Lenvima™ (lenvatinib mesylate) is a multiple receptor tyrosine kinase (RTK) inhibitor indicated for the treatment of thyroid cancer.
Eisai discovered the drug at its Tsukuba Research Laboratories facility in Japan.
Eisai submitted a new drug application (NDA) for the approval of Lenvima to US Food and Drug Administration (FDA) in August 2014.
The FDA granted priority review designation for the drug in October 2014. Lenvima was also granted orphan drug designation (ODD) for the treatment of multiple types of thyroid cancer in the US, Japan and Europe.
Eisai obtained marketing approval for Lenvima from the FDA for the treatment of locally recurrent or metastatic, progressive, radioactive iodine-refractory differentiated thyroid cancer (RAI-R DTC) in February 2015.
Lenvima is currently under review for the treatment of thyroid cancer by regulatory authorities located across Japan and the EU, Switzerland, South Korea, Canada, Singapore, Russia, Australia and Brazil.
Afinitor is also used to treat pancreatic neuroendocrine tumours, gastric cancer and breast cancer.
Thyroid cancer occurs when abnormal cells begin to grow in the tissues of the thyroid gland located at the base of the throat near the trachea. The most common symptom of the disease is a nodule in the thyroid region of the neck. The disease is more common in women.
It is estimated that approximately 52,000 patients were newly diagnosed with thyroid cancer across the US in 2012.
Lenvima’s mechanism of action
Lenvima contains a multiple receptor tyrosine kinase (RTK) inhibitor that restrains kinase activities of vascular endothelial growth factor (VEGF) receptors. It also simultaneously restrains other receptors involved in the tumour angiogenesis and proliferation of thyroid cancer including fibroblast growth factor (FGF), the platelet derived growth factor receptor alpha (PDGFRα), KIT, and RET.
The drug is available in capsules of 4mg and 10mg doses for oral administration.
Clinical trials on Lenvima
FDA approval for Lenvima™ was based on results obtained from a Phase III clinical study known as Study of E7080 LEnvatinib in Differentiated Cancer of the Thyroid (SELECT).
The multicenter, randomised, double-blind, placebo-controlled study enrolled 392 thyroid cancer patients in more than 100 sites in Europe, North America, South America and Asia.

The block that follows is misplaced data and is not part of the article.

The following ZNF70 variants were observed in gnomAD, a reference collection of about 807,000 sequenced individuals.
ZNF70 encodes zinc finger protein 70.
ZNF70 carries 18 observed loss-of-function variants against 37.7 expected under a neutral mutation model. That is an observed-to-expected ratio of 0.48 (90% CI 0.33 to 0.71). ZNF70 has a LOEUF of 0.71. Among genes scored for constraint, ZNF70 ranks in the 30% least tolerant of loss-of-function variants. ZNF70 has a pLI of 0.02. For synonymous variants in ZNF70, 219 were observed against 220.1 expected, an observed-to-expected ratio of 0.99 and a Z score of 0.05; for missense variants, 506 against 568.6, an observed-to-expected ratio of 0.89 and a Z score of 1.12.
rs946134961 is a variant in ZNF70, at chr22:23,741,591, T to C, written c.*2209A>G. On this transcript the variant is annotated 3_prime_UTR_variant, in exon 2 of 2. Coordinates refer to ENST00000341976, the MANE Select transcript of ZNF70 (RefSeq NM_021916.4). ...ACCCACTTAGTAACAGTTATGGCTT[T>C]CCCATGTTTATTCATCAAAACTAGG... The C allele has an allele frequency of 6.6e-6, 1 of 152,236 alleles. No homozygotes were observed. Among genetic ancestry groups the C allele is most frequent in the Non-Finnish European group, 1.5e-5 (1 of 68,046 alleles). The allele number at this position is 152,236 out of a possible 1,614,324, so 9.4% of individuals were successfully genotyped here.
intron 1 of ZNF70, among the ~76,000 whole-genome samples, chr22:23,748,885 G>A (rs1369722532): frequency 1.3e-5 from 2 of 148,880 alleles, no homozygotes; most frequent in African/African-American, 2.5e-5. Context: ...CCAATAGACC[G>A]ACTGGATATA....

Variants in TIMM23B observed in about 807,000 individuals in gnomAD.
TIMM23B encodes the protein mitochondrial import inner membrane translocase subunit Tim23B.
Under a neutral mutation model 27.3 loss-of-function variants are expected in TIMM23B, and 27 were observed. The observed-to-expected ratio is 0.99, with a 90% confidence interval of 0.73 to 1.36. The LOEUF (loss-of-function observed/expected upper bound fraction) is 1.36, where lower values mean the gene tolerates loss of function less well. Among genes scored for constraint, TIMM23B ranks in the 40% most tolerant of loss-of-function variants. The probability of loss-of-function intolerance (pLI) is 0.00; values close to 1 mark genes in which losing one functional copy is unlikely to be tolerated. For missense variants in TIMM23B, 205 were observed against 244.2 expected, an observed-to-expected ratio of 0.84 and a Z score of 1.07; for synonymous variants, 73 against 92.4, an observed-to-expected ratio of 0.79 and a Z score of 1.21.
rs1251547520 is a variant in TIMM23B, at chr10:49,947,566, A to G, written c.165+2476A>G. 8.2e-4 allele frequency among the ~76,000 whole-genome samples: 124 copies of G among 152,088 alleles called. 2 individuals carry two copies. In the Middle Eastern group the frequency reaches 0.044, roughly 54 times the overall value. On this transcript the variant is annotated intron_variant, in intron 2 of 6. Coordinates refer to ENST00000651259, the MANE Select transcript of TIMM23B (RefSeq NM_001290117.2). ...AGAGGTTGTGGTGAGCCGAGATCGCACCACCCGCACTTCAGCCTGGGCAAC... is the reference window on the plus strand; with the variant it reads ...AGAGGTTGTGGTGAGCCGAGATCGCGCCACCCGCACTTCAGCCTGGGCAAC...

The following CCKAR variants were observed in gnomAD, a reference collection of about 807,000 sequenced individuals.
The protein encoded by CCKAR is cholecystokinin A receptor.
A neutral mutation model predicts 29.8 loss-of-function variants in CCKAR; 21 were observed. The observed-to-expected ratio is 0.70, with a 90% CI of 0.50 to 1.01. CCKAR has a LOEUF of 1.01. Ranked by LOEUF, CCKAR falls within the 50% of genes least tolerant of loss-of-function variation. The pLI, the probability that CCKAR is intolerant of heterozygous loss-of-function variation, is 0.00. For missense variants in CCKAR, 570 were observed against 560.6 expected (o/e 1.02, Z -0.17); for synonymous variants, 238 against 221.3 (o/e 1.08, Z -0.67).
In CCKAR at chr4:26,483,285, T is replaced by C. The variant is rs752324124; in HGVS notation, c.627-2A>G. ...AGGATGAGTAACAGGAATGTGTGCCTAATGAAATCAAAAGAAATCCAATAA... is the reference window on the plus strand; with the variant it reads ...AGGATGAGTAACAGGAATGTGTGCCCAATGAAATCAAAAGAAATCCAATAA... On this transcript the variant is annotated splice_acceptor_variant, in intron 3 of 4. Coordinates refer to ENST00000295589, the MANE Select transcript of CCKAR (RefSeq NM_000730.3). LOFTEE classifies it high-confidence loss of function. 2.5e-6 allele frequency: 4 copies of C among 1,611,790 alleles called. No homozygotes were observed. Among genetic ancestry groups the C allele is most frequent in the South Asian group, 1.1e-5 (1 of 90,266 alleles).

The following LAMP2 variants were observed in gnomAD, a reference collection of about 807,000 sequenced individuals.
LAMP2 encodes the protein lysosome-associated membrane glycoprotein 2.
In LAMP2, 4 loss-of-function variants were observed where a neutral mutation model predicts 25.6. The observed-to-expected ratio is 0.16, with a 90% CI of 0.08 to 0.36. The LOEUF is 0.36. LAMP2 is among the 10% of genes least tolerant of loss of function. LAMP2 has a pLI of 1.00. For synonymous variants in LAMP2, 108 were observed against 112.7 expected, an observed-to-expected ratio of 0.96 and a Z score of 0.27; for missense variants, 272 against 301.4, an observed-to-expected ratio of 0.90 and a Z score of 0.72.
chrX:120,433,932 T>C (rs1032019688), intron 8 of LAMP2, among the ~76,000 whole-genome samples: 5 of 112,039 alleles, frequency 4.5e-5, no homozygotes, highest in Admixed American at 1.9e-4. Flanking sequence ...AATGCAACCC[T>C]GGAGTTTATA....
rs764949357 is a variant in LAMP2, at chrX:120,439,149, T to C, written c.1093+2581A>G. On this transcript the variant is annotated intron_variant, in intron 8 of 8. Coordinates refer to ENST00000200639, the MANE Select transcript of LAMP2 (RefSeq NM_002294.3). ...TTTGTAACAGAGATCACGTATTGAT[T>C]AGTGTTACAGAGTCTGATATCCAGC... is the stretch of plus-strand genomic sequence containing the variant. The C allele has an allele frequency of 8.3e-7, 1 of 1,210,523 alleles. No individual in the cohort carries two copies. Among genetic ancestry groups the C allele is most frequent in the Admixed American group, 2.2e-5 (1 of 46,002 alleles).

Patients in the study were randomised in a 2:1 ratio to either Lenvima 24mg once daily or placebo. The progression-free survival (PFS) of the patients was compared with radioactive iodine-refractory differentiated thyroid cancer and radiographic evidence of disease progression within the prior 13 months.
Primary endpoint of the study was PFS, which was assessed by an independent radiologic review. Secondary endpoints included response rate, overall survival (OS), and safety.
Results of the study demonstrated that RAI-R DTC patients treated with Lenvima showed statistically significant improvement in PFS when compared to those treated with placebo.
The median PFS in patients treated with Lenvima was 18.3 months, whereas it was 3.6 months in placebo-administered patients. Overall response rate of patients treated with Lenvima was more than 65%, compared to 2% in the placebo arm.
The most common adverse reactions observed in patients treated with Lenvima during the clinical study were hypertension, fatigue, diarrhoea, arthralgia / myalgia, and decreased appetite.
Adverse reactions also included weight reduction, nausea, stomatitis, headache, vomiting, proteinuria, palmar-plantar erythrodysesthesia syndrome, abdominal pain, and dysphonia.
Lenvima was developed by Eisai in collaboration with SFJ Pharmaceuticals Group. The latter provided clinical development supervision and assistance in obtaining regulatory approval.
Other medications available for the treatment of thyroid cancer include Zactima developed by AstraZeneca, and Zybrestat manufactured and marketed by Oxigene.